The Useless Hunt For Philip Seymour Hoffman's Killer

The New York Post reports that law enforcement is going to "find the source" of the heroin that allegedly killed Philip Seymour Hoffman. Let's ignore the fact "celebrity overdoses" appear to motivate NYPD, and instead look at how NYPD will try to avenge Hoffman's death...

Heroin use and deaths related to heroin have been on the rise in the greater-New York area over the past few years. The Daily Beast reports that local prosecutors have dubbed the Long Island Expressway the "heroin highway." Heroin is cheap, but "bad" batches of street heroin mixed with fentanyl have been popping up and leading to deaths. Hoffman was allegedly found with packets branded "Ace of Spades."

It's not exactly easy for law enforcement to stop the problem. Just last week, the Drug Enforcement Administration made a major bust in the Bronx. The DEA said the bust netted $8 million dollars worth of product.

But how does that really help? In the Bronx case, police seized 33 pounds of heroin and arrested two people — likely low-level drug runners. They caught one of the guys climbing out of a window... which doesn't suggest that they put their hands on Nino Brown.

In the Hoffman case, police will start with a "nitro dump." When police make an arrest, they log the "brand name" of the drug in their system; the nitro dump involves doing a search of those records in an attempt to find the most likely places that particular brand is sold.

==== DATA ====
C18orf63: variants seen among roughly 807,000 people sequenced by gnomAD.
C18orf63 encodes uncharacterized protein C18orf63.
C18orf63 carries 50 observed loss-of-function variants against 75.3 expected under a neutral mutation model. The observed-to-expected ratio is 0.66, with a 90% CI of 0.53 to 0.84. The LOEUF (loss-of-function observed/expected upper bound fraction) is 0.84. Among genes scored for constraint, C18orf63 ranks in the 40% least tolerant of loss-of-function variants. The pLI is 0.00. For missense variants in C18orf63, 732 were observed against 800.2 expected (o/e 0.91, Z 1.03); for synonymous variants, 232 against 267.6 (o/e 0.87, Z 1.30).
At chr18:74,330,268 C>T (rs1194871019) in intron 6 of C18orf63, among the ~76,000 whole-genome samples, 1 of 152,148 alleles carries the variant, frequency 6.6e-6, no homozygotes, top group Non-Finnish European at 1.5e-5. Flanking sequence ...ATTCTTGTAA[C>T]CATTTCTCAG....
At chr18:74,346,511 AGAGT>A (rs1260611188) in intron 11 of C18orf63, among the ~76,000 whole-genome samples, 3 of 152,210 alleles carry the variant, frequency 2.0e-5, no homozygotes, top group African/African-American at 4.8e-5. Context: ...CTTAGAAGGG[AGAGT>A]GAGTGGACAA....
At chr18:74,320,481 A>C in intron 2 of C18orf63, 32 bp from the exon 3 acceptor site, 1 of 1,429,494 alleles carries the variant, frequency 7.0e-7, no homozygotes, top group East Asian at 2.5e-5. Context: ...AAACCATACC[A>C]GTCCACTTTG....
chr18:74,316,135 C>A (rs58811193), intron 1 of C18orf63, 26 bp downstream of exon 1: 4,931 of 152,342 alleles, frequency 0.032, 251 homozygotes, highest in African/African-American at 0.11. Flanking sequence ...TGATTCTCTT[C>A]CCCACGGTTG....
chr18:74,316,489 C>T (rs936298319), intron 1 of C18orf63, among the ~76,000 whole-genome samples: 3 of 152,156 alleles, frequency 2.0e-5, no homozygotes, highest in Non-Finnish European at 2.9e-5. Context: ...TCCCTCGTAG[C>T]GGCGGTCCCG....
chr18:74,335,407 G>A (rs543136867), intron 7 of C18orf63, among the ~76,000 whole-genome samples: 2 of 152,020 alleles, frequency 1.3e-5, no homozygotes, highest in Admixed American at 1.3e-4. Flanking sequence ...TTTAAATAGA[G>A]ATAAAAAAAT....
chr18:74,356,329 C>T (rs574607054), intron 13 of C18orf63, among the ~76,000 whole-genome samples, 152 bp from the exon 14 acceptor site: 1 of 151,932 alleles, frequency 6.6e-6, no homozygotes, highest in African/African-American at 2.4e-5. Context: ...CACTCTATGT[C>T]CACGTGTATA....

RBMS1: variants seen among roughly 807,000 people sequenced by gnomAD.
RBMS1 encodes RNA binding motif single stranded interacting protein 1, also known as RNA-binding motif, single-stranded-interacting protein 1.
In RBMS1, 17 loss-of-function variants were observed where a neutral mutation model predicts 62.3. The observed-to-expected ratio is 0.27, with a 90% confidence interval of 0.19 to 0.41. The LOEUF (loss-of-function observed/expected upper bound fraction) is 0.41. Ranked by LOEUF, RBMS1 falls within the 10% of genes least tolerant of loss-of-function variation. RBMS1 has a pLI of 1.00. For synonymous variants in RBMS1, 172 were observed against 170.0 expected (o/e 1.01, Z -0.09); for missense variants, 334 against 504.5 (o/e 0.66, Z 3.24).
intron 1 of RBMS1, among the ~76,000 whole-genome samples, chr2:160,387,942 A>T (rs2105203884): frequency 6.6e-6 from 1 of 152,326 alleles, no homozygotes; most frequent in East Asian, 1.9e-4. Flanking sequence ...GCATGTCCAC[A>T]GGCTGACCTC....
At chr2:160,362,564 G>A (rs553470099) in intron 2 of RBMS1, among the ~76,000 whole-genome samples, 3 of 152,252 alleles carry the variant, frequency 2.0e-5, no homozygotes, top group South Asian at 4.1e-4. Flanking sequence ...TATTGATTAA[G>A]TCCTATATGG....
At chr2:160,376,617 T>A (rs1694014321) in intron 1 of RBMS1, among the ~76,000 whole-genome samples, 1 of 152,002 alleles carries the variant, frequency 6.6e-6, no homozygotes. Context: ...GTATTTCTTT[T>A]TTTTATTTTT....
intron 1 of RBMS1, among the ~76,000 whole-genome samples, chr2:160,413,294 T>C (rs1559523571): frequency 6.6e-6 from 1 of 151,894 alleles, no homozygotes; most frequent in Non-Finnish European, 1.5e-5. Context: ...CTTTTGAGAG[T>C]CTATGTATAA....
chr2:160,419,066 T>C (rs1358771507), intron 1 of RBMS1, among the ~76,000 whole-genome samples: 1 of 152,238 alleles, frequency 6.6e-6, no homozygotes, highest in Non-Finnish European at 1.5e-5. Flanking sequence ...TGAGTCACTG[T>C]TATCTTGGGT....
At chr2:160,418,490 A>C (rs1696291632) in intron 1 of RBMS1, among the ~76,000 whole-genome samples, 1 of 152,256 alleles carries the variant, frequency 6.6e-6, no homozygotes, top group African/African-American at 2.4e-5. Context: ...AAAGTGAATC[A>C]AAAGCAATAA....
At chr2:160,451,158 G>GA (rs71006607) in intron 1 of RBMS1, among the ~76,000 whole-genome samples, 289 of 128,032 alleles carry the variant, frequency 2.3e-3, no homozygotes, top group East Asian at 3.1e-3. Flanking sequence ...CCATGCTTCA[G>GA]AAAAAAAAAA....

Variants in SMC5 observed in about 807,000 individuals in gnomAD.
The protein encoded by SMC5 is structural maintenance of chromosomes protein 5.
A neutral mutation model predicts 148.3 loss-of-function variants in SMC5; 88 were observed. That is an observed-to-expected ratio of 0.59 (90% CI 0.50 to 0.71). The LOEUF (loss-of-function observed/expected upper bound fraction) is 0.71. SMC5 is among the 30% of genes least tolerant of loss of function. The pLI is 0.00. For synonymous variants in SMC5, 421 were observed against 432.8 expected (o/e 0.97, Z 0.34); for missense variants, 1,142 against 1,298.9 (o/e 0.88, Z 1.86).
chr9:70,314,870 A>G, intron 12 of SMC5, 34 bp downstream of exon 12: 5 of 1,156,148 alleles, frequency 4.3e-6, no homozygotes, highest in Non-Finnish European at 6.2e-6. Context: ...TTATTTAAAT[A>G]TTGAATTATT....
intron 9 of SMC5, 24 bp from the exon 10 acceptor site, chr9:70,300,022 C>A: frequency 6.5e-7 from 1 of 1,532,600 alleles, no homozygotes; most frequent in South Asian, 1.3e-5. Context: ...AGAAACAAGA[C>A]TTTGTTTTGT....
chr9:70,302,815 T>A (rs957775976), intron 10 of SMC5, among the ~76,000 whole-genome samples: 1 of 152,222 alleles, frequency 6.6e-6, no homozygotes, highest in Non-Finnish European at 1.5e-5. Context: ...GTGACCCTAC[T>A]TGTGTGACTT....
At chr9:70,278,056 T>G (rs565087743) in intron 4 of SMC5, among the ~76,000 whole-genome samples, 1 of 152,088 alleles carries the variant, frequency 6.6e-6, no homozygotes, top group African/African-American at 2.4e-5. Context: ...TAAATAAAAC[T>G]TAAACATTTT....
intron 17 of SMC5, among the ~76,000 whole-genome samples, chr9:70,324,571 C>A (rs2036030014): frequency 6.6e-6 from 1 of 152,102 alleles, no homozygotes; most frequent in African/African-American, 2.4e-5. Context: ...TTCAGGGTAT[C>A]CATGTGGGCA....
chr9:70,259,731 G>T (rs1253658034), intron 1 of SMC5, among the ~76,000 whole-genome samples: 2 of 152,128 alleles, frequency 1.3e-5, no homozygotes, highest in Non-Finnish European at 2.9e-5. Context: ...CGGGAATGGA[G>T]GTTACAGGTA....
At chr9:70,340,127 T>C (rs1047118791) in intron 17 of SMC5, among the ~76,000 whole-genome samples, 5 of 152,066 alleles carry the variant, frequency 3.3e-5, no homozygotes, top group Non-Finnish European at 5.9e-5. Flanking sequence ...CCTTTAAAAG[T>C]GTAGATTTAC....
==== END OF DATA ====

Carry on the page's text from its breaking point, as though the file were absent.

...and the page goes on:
Maybe these tactics will lead NYPD to a source they can claim supplied Hoffman with drugs, but they're unlikely to get at anybody who is a "source" of any consequence. We're talking about multimillion dollar operations whose true bosses never put their hands on any product. Check out how much FBI work it took to get "Dread Pirate Roberts," Ross William Ulbricht, who was allegedly part of Silk Road's internet-based drug ring. You don't catch these guys by staking out their apartment buildings.

That's all a nitro dump is likely to lead to: an apartment police can watch until somebody slips up. Maybe the apartment is a stash house that will reveal many pounds of heroin. But stopping heroin trafficking in New York is not something that NYPD can do, even with a new celebrity victim as a rally point.